Startup Vows to Double Bandwidth With Easy Upgrade

MagnaCom boosts capacity by packing in data-lugging carrier waves more efficiently.

A networking startup emerged from stealth mode today, pitching a more fine-grained way to modulate waves that carry data across almost all networks in a way that could double the capacity of a network or extend its range by as much as 400 percent.

The vendor, MagnaCom, is a privately held startup whose goal is to “reinvent the evolution of digital communications” using a patented form of network-signal compression designed to double the data-signaling rate of a network without requiring extensive upgrades, according to MagnaCom.

The WAve Modulation (WAM) technology, for which MagnaCom holds 15 patents, is a digital modulation technique that uses the same analog and radio-frequency circuits as existing networks, but relies on a different pattern of digital modulation that increases the capacity of a network connection by as much as 10 decibels – which MagnaCom’s announcement describes as “equivalent to a 20-year leap in digital communications” that requires no changes in radio frequencies, antennas or analog network interfaces.

Existing networks transmit data using data coded into a pair of carrier waves that both fit into the same channel because they are slightly out of sync, using a technique called Quadrature Amplitude Modulation (QAM)..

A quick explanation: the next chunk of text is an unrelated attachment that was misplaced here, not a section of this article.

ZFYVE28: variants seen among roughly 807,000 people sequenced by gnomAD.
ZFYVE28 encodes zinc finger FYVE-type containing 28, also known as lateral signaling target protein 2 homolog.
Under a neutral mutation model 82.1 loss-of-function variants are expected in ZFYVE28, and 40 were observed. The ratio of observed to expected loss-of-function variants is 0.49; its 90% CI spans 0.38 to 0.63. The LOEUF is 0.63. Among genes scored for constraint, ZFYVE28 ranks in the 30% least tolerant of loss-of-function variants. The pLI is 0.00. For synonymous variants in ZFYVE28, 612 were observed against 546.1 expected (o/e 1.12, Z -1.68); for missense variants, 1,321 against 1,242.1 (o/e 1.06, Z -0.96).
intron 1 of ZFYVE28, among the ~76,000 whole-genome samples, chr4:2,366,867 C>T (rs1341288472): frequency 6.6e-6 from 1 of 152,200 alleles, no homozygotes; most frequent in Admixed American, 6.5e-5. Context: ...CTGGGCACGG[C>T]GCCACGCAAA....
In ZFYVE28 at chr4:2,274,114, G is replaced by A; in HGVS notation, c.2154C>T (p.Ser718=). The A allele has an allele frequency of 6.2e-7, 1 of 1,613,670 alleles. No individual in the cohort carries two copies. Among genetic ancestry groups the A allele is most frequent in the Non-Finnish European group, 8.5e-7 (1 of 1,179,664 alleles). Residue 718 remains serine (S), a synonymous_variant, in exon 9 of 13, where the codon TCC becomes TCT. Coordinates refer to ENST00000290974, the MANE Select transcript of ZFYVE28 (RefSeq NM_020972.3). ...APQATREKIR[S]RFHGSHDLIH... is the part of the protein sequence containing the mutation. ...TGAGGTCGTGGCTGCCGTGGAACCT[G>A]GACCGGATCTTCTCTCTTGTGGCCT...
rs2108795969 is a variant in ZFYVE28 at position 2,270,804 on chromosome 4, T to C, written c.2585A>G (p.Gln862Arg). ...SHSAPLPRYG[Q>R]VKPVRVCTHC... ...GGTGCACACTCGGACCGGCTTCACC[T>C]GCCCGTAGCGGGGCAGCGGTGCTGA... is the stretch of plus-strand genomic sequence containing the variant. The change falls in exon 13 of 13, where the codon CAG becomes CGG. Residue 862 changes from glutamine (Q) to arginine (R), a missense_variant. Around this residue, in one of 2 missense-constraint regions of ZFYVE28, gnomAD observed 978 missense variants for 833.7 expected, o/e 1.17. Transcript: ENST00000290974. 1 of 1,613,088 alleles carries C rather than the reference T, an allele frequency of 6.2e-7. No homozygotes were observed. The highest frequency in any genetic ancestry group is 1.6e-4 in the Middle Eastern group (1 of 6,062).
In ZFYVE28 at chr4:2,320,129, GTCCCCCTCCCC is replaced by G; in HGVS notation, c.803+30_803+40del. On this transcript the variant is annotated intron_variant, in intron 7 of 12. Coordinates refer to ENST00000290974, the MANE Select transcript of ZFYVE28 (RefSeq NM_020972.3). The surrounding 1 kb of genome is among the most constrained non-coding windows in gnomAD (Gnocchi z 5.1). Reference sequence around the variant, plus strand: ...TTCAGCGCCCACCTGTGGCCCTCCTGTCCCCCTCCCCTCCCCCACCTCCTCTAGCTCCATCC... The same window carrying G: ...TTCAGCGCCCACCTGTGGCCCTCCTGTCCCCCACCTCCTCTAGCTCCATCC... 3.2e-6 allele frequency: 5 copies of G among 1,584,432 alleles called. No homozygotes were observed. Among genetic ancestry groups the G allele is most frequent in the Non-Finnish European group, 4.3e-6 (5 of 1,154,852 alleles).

In QAM, both waves share the same frequency, but the second is delayed one quarter of a cycle after the other to keep the two distinct enough to be separated and interpreted by the receiver.

WAM uses a more fine-grained control over the timing of waves carrying data, effectively increasing the number of waves able to carry data through the same network channel at the same time, according to the patents MagnaCom holds on the technology.

Because it uses the same underlying network architecture, and even the same carrier frequencies, WAM can be used on existing QAM networks simply by adding interfaces at the sending and receiving ends. Adding WAM to interface cards would require the addition of a custom processor that MagnaCom CTO Amir Eliaz estimated would be no larger and a millimeter square.

“MagnaCom’s WAM technology looks very promising,” according to Will Strauss, principal analyst of Forward Concepts, one of several telecommunications analysts paid by MagnaCom to evaluate WAM before its release. “For many years the top communications companies have been hard at work for every 1dB of system gain, so MagnaCom’s 10db gain could be truly game changing.”

MagnaCom will demonstrate a version of WAM coded into a field-programmable gate array (FPGA) chip from Altera Corp. in a private suite at the 2014 Consumer Electronics Show in Las Vegas Jan. 7-10, 2014, where it will be shopping for manufacturing and distribution partners. Juergen Faelchle

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